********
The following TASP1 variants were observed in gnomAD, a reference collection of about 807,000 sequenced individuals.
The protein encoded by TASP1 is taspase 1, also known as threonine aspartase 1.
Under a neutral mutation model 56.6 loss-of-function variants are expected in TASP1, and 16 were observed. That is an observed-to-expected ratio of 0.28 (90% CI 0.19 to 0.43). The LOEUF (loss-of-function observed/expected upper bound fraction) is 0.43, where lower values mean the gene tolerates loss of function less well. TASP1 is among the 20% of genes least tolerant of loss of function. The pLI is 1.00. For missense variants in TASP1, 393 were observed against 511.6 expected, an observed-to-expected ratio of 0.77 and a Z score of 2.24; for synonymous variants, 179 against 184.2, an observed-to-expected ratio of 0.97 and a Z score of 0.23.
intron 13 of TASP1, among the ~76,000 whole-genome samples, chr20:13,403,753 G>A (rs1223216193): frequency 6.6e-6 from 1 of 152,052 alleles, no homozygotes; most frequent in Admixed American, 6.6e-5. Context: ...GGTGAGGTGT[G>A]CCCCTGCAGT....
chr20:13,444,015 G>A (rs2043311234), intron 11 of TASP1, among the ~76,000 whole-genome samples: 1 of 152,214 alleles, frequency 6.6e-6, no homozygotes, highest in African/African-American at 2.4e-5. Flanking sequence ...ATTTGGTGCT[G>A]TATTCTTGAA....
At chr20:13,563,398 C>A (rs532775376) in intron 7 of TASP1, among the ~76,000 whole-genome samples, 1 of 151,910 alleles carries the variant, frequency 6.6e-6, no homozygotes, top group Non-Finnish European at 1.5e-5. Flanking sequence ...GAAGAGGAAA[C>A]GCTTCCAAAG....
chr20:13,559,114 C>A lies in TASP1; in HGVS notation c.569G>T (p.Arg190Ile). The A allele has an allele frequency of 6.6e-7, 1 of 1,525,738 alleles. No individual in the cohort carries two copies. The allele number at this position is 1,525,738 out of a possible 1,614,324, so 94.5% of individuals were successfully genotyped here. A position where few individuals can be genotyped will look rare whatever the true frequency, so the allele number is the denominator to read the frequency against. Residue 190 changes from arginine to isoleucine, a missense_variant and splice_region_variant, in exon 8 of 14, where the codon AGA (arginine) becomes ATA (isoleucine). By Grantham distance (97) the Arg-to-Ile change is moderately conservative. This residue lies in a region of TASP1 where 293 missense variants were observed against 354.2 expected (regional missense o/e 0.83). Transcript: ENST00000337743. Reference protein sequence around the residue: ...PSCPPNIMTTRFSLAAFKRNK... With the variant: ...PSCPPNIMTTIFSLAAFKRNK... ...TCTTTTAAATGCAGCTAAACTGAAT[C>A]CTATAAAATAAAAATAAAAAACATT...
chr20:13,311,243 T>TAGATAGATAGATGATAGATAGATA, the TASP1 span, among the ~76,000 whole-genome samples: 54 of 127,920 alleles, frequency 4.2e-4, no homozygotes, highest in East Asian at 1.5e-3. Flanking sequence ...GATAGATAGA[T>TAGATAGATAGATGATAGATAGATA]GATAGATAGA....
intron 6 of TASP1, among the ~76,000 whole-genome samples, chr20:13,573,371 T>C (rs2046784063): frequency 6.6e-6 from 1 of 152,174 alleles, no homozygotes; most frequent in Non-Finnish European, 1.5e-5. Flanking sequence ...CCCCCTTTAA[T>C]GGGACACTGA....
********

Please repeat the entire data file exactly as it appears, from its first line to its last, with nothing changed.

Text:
The following TASP1 variants were observed in gnomAD, a reference collection of about 807,000 sequenced individuals.
The protein encoded by TASP1 is taspase 1, also known as threonine aspartase 1.
Under a neutral mutation model 56.6 loss-of-function variants are expected in TASP1, and 16 were observed. That is an observed-to-expected ratio of 0.28 (90% CI 0.19 to 0.43). The LOEUF (loss-of-function observed/expected upper bound fraction) is 0.43, where lower values mean the gene tolerates loss of function less well. TASP1 is among the 20% of genes least tolerant of loss of function. The pLI is 1.00. For missense variants in TASP1, 393 were observed against 511.6 expected, an observed-to-expected ratio of 0.77 and a Z score of 2.24; for synonymous variants, 179 against 184.2, an observed-to-expected ratio of 0.97 and a Z score of 0.23.
intron 13 of TASP1, among the ~76,000 whole-genome samples, chr20:13,403,753 G>A (rs1223216193): frequency 6.6e-6 from 1 of 152,052 alleles, no homozygotes; most frequent in Admixed American, 6.6e-5. Context: ...GGTGAGGTGT[G>A]CCCCTGCAGT....
chr20:13,444,015 G>A (rs2043311234), intron 11 of TASP1, among the ~76,000 whole-genome samples: 1 of 152,214 alleles, frequency 6.6e-6, no homozygotes, highest in African/African-American at 2.4e-5. Flanking sequence ...ATTTGGTGCT[G>A]TATTCTTGAA....
At chr20:13,563,398 C>A (rs532775376) in intron 7 of TASP1, among the ~76,000 whole-genome samples, 1 of 151,910 alleles carries the variant, frequency 6.6e-6, no homozygotes, top group Non-Finnish European at 1.5e-5. Flanking sequence ...GAAGAGGAAA[C>A]GCTTCCAAAG....
chr20:13,559,114 C>A lies in TASP1; in HGVS notation c.569G>T (p.Arg190Ile). The A allele has an allele frequency of 6.6e-7, 1 of 1,525,738 alleles. No individual in the cohort carries two copies. The allele number at this position is 1,525,738 out of a possible 1,614,324, so 94.5% of individuals were successfully genotyped here. A position where few individuals can be genotyped will look rare whatever the true frequency, so the allele number is the denominator to read the frequency against. Residue 190 changes from arginine to isoleucine, a missense_variant and splice_region_variant, in exon 8 of 14, where the codon AGA (arginine) becomes ATA (isoleucine). By Grantham distance (97) the Arg-to-Ile change is moderately conservative. This residue lies in a region of TASP1 where 293 missense variants were observed against 354.2 expected (regional missense o/e 0.83). Transcript: ENST00000337743. Reference protein sequence around the residue: ...PSCPPNIMTTRFSLAAFKRNK... With the variant: ...PSCPPNIMTTIFSLAAFKRNK... ...TCTTTTAAATGCAGCTAAACTGAAT[C>A]CTATAAAATAAAAATAAAAAACATT...
chr20:13,311,243 T>TAGATAGATAGATGATAGATAGATA, the TASP1 span, among the ~76,000 whole-genome samples: 54 of 127,920 alleles, frequency 4.2e-4, no homozygotes, highest in East Asian at 1.5e-3. Flanking sequence ...GATAGATAGA[T>TAGATAGATAGATGATAGATAGATA]GATAGATAGA....
intron 6 of TASP1, among the ~76,000 whole-genome samples, chr20:13,573,371 T>C (rs2046784063): frequency 6.6e-6 from 1 of 152,174 alleles, no homozygotes; most frequent in Non-Finnish European, 1.5e-5. Flanking sequence ...CCCCCTTTAA[T>C]GGGACACTGA....